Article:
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Business and Professional Ethics Journal

Volume 25, Issue 1/4, 2006

Robert J. Spitzer
Pages 1-18
DOI: 10.5840/bpej2006251/41

Getting to the Heart of Business Ethics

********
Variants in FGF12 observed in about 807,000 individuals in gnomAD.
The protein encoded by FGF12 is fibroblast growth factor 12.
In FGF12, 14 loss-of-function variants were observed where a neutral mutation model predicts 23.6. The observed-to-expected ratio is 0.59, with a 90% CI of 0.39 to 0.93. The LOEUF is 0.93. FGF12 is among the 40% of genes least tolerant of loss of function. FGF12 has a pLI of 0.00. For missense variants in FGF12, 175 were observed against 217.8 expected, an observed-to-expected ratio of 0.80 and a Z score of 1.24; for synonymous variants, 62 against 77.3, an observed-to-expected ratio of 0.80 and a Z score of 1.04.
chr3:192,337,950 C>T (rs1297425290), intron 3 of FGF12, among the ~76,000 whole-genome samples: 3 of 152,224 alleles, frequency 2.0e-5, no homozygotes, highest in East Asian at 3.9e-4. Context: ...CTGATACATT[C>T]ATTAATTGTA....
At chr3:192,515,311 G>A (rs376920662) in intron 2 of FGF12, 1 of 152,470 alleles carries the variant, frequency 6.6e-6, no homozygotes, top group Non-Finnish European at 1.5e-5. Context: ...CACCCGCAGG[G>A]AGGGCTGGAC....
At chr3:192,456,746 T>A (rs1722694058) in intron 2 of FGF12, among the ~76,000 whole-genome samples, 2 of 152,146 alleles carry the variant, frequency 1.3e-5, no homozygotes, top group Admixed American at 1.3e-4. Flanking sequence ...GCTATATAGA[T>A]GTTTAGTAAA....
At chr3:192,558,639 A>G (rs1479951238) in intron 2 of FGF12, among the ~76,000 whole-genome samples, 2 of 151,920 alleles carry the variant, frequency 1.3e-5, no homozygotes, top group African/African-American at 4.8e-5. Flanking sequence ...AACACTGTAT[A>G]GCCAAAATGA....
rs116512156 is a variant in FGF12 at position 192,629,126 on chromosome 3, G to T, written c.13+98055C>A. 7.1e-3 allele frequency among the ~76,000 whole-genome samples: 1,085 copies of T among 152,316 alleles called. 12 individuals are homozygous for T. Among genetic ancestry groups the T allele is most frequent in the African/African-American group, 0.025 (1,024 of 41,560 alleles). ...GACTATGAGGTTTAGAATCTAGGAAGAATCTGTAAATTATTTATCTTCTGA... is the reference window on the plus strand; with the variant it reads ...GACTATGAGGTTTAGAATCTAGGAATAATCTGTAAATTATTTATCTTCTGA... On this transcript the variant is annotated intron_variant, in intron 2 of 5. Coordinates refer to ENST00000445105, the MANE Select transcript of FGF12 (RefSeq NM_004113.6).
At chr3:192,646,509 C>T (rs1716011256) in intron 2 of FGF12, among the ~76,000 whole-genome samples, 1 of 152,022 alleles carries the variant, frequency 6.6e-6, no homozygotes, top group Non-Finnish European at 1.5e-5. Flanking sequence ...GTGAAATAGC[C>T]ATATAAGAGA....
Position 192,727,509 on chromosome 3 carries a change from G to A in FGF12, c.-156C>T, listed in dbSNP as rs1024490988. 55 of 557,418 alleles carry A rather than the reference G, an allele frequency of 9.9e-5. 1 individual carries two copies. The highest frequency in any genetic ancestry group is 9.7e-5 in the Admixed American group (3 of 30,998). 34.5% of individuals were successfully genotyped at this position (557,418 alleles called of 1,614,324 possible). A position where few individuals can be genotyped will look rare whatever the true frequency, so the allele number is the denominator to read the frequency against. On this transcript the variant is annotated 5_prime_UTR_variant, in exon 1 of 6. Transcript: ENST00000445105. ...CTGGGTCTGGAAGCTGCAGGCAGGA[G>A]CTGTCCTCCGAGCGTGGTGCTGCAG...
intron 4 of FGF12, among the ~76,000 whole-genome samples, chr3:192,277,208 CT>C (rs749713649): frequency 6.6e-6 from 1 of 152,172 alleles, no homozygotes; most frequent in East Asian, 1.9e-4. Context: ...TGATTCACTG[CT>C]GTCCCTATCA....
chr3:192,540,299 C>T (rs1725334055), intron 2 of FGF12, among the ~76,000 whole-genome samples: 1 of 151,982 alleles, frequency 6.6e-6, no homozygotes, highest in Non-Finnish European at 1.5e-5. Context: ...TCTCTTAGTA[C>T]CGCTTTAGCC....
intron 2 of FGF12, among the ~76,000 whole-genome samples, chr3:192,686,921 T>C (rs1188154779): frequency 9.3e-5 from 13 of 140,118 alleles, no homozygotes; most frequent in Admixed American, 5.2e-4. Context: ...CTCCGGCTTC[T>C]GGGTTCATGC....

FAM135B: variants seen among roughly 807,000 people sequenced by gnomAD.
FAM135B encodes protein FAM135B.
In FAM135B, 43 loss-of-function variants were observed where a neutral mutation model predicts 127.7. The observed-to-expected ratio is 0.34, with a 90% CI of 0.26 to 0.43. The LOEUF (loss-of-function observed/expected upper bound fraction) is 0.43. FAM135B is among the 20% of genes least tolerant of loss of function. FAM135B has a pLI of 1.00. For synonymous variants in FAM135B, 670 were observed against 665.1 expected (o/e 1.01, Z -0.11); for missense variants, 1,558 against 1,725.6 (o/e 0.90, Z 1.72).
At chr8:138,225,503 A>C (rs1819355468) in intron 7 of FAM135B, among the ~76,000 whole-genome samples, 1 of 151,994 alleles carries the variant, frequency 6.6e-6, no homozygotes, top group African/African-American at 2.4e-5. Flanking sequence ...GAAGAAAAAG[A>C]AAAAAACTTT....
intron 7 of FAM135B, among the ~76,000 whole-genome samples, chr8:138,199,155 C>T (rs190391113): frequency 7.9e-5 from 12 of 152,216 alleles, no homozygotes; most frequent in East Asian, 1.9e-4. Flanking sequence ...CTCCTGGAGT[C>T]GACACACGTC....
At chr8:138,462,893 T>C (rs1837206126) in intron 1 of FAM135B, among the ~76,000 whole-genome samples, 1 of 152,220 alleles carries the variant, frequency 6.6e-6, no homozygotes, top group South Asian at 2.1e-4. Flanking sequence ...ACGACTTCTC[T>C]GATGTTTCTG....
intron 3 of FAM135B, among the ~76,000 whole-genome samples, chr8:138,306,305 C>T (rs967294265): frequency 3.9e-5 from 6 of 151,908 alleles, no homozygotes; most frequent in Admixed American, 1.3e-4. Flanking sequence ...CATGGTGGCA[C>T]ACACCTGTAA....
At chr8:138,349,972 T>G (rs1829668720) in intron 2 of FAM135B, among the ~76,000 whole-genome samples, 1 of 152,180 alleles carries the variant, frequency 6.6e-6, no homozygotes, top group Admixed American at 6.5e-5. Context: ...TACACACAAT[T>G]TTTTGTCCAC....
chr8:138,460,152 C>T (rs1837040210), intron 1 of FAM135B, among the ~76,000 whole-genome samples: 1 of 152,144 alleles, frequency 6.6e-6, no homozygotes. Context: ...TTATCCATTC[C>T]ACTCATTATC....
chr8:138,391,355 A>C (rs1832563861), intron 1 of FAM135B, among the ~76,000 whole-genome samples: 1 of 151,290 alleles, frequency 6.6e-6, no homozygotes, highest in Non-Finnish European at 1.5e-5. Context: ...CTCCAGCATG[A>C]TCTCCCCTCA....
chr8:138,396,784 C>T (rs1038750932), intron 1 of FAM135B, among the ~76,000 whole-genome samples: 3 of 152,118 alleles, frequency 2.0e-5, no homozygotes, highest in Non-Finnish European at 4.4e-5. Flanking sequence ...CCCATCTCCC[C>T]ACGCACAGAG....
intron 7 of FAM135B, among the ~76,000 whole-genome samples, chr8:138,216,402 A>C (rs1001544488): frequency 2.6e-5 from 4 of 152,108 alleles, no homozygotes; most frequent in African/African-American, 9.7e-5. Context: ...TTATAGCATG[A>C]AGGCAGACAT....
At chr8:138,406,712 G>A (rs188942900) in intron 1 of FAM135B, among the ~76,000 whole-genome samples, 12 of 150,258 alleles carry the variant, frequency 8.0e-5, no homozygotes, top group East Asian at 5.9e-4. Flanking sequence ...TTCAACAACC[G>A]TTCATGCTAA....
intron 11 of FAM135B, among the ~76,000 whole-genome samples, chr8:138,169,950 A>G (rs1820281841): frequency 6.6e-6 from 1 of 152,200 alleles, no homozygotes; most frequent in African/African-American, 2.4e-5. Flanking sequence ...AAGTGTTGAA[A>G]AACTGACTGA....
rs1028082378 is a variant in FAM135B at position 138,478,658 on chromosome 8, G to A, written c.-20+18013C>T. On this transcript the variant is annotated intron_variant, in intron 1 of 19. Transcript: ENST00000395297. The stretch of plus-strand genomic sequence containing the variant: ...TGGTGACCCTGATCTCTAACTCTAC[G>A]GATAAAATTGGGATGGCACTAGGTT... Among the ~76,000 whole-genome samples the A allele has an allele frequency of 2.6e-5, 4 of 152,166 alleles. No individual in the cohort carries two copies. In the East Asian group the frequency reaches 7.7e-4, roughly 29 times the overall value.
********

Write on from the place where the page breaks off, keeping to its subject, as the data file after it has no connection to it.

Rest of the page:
Though contemporary ethical problems may be partially mitigated by legislation, increased reporting requirements, audit committees, and other external structures; real long-term improvements will not occur until organizational leaders touch the hearts of individuals and organizational culture. This article addresses three ways in which leaders can get to the heart of ethics: (1) moving individuals and the culture from a dominant ego-comparative identity to a dominant contributive (common good) identity, (2) helping stakeholders to move from a “less than tacit” awareness of principles to a reflective utilization of them; and (3) educating stakeholders in the proper use of precedents. The first point is particularly important because it controls the amount of fear and hubris in a culture which, in turn, affects openness to ethics, moral courage, and the reflective use of principles and precedents. These techniques for internalizing ethics provide a necessary complement to today’s proliferation of external requirements.

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